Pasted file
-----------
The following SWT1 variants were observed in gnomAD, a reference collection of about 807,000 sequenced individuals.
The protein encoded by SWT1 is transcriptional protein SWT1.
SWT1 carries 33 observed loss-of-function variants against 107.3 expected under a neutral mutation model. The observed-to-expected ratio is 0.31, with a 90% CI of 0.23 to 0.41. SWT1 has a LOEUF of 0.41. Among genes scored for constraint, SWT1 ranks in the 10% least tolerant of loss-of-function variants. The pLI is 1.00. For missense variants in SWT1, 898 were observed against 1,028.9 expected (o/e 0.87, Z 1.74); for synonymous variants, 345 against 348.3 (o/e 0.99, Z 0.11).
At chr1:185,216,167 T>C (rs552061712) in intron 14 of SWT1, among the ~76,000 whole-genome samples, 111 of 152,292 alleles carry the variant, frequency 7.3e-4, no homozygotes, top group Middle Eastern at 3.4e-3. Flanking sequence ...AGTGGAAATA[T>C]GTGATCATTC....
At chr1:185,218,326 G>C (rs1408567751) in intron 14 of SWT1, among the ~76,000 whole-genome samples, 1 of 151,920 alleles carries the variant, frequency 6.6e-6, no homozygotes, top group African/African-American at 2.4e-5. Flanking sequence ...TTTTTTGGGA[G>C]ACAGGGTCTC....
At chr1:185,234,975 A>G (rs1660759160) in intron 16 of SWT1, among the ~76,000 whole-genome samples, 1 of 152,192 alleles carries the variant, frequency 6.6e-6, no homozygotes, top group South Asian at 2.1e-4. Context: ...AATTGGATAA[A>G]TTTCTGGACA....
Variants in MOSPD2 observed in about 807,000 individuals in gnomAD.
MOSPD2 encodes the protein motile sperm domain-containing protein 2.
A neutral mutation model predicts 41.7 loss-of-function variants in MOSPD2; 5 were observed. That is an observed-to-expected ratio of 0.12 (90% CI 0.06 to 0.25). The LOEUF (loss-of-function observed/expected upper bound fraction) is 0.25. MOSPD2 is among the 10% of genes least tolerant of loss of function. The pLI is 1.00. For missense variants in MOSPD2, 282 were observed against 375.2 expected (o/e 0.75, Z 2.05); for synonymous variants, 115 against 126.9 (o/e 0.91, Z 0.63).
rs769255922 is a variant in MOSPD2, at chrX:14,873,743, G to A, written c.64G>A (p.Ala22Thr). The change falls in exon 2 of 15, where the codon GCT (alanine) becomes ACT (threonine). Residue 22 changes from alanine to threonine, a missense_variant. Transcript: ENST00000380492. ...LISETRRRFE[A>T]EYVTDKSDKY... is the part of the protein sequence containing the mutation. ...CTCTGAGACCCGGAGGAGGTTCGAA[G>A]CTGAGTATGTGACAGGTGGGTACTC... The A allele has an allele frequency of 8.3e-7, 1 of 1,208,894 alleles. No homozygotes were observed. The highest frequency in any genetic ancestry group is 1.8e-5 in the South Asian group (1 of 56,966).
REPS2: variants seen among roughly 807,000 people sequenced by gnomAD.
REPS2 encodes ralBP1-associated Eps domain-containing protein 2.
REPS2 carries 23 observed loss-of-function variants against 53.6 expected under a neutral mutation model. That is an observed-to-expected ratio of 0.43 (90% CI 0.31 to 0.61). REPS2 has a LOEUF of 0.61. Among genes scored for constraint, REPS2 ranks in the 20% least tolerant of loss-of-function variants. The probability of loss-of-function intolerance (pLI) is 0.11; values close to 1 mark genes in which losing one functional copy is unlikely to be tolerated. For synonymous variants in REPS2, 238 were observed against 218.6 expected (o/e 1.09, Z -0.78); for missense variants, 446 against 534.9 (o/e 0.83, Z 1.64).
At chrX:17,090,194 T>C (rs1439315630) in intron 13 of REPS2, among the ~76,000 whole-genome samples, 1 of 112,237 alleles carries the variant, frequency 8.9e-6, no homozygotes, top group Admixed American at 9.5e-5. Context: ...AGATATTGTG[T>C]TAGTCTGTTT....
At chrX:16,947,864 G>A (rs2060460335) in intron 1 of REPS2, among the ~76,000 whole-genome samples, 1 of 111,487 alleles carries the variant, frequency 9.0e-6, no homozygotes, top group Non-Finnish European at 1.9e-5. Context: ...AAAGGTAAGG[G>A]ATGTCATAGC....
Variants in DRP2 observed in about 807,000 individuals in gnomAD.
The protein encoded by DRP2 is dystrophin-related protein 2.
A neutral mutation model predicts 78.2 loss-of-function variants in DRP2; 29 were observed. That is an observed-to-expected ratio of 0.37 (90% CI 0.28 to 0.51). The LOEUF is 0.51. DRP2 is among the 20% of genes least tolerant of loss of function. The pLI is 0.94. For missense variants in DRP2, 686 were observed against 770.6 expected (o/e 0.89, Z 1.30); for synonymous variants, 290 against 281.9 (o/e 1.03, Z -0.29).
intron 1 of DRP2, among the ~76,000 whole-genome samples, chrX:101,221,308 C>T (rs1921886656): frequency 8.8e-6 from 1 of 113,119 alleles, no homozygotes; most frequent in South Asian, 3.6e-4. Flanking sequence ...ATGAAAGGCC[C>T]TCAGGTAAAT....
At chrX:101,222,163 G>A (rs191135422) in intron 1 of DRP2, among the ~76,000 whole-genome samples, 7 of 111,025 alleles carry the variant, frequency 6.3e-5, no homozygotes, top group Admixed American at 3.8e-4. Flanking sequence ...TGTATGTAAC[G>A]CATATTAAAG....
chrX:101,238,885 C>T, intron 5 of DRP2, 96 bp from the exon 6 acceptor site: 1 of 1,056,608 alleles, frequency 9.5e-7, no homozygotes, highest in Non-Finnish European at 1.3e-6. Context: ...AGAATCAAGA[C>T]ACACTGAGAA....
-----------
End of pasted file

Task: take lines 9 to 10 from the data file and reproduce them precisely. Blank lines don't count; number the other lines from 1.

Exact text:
A neutral mutation model predicts 41.7 loss-of-function variants in MOSPD2; 5 were observed. That is an observed-to-expected ratio of 0.12 (90% CI 0.06 to 0.25). The LOEUF (loss-of-function observed/expected upper bound fraction) is 0.25. MOSPD2 is among the 10% of genes least tolerant of loss of function. The pLI is 1.00. For missense variants in MOSPD2, 282 were observed against 375.2 expected (o/e 0.75, Z 2.05); for synonymous variants, 115 against 126.9 (o/e 0.91, Z 0.63).
rs769255922 is a variant in MOSPD2, at chrX:14,873,743, G to A, written c.64G>A (p.Ala22Thr). The change falls in exon 2 of 15, where the codon GCT (alanine) becomes ACT (threonine). Residue 22 changes from alanine to threonine, a missense_variant. Transcript: ENST00000380492. ...LISETRRRFE[A>T]EYVTDKSDKY... is the part of the protein sequence containing the mutation. ...CTCTGAGACCCGGAGGAGGTTCGAA[G>A]CTGAGTATGTGACAGGTGGGTACTC... The A allele has an allele frequency of 8.3e-7, 1 of 1,208,894 alleles. No homozygotes were observed. The highest frequency in any genetic ancestry group is 1.8e-5 in the South Asian group (1 of 56,966).